When you use basil in a recipe, everyone will know. It has such a powerful aroma and flavor that is made to stand out from other ingredients – unless you put it in your refrigerator, that is.
Even though basil has incredible smell and flavor, it easily absorbs the smell of its surroundings. By placing basil leaves next to other food in a closed environment (like a fridge), you are killing its main allure. Not only that, but its leaves will begin to wilt because of the cold.
Eggplant cannot go below 50F (10°C) without suffering major changes – and none of them are good. Storing eggplants anywhere but in room temperature will damage both its flavor and texture. This happens to most fruits and vegetables.
Most avocado-lovers know they have to wait until their favorite food ripens before they can eat it. Unfortunately, avocados turn bad at a fast rate. Because of that, several people decide to refrigerate them. This will slow down the ripening process considerably but it will also alter its flavor and texture. Perfect storage temperature for avocados is room temperature, even if they seem to ripen almost overnight at it!
Onions need air to survive. If kept inside a sealed container – like a refrigerator – they will go bad quickly. Cold temperatures also turn onions into soft and moldy pieces of food. That’s not something that you want to cook with!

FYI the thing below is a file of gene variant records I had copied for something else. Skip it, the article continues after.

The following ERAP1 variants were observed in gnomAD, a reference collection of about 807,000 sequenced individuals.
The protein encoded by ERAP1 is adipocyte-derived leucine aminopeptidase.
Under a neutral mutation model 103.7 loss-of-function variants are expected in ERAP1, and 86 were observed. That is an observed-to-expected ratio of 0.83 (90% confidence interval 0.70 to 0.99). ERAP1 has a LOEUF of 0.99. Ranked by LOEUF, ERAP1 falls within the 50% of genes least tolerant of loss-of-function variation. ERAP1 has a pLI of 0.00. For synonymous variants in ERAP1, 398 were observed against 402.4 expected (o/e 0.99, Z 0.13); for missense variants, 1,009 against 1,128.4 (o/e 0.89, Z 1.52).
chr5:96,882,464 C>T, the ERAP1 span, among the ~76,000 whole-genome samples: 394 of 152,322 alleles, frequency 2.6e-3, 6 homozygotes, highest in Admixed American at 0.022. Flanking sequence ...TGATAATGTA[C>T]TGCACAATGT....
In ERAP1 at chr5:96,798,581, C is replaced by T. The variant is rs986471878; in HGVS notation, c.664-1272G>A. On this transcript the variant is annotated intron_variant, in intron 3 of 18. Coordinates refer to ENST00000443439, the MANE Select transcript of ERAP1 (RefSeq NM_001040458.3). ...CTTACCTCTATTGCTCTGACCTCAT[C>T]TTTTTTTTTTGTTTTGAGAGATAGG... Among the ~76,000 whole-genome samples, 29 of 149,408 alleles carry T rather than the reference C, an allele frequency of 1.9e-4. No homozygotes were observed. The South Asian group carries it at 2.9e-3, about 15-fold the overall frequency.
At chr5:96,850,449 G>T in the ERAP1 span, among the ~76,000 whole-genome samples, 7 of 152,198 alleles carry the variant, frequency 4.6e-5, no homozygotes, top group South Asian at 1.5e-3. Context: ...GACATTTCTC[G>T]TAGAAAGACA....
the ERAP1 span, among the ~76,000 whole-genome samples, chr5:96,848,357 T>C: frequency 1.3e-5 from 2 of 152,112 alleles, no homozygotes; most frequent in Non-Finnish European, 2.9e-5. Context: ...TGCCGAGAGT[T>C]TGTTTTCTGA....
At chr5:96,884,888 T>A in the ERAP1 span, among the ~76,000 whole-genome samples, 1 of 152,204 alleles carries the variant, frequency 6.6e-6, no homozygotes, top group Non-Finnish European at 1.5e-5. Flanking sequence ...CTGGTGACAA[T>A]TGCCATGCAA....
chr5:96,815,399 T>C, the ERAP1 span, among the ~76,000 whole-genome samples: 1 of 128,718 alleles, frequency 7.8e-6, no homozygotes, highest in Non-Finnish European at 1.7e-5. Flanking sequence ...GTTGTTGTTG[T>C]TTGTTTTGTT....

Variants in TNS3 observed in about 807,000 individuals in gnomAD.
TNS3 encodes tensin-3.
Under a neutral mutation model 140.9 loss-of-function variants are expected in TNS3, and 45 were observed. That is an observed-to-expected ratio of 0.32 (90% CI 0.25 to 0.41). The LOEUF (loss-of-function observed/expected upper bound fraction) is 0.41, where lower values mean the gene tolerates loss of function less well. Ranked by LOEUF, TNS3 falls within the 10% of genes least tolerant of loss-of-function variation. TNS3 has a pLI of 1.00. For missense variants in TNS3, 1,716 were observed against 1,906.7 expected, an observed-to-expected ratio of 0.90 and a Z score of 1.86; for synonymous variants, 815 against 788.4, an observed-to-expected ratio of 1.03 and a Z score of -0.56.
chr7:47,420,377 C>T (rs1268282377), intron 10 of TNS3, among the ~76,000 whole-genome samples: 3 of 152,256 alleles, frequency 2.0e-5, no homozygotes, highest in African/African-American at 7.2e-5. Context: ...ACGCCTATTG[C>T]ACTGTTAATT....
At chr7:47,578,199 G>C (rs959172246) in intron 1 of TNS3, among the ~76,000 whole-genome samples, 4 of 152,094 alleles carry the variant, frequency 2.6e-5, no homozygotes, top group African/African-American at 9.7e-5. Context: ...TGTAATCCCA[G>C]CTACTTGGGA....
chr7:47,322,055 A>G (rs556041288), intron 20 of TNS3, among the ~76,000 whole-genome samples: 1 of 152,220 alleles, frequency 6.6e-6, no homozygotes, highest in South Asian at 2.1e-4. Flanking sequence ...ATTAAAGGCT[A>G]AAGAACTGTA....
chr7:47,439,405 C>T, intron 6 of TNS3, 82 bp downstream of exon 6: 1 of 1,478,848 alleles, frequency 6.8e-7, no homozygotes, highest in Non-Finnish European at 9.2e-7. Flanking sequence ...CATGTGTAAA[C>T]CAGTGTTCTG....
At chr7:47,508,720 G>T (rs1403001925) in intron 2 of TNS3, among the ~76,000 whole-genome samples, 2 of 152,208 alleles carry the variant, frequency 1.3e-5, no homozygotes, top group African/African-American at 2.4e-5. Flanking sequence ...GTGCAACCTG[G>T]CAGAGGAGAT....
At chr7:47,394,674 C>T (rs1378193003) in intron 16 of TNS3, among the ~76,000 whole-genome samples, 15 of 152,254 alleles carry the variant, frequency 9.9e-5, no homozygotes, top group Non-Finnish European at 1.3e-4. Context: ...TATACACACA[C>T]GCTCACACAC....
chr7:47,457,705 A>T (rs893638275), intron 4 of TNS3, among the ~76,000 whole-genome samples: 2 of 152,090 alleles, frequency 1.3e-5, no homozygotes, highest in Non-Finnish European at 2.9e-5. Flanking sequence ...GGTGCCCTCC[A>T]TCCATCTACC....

Garlic works similarly to onions. It needs air to survive and will go bad in cold temperatures. Keeping garlic on the counter will maintain its freshness and flavor. Cold temperatures will turn it into a rubbery, moldy mess.
Rumor has it, honey can last forever. Bees are incredible manufacturers. What bees haven’t accounted for in their honey recipe, though, is extreme cold.
If you place honey inside your refrigerator, you can cause it to crystalize – and then it will be no good. Frozen honey is almost impossible to spoon, let alone poor out.
10. Peanut Butter
Most people love peanut butter and jelly sandwiches. That combination can do no wrong. Unfortunately, you can’t take the two ingredients out of the same place: jam can go into your refrigerator, but peanut butter needs to stay away from it.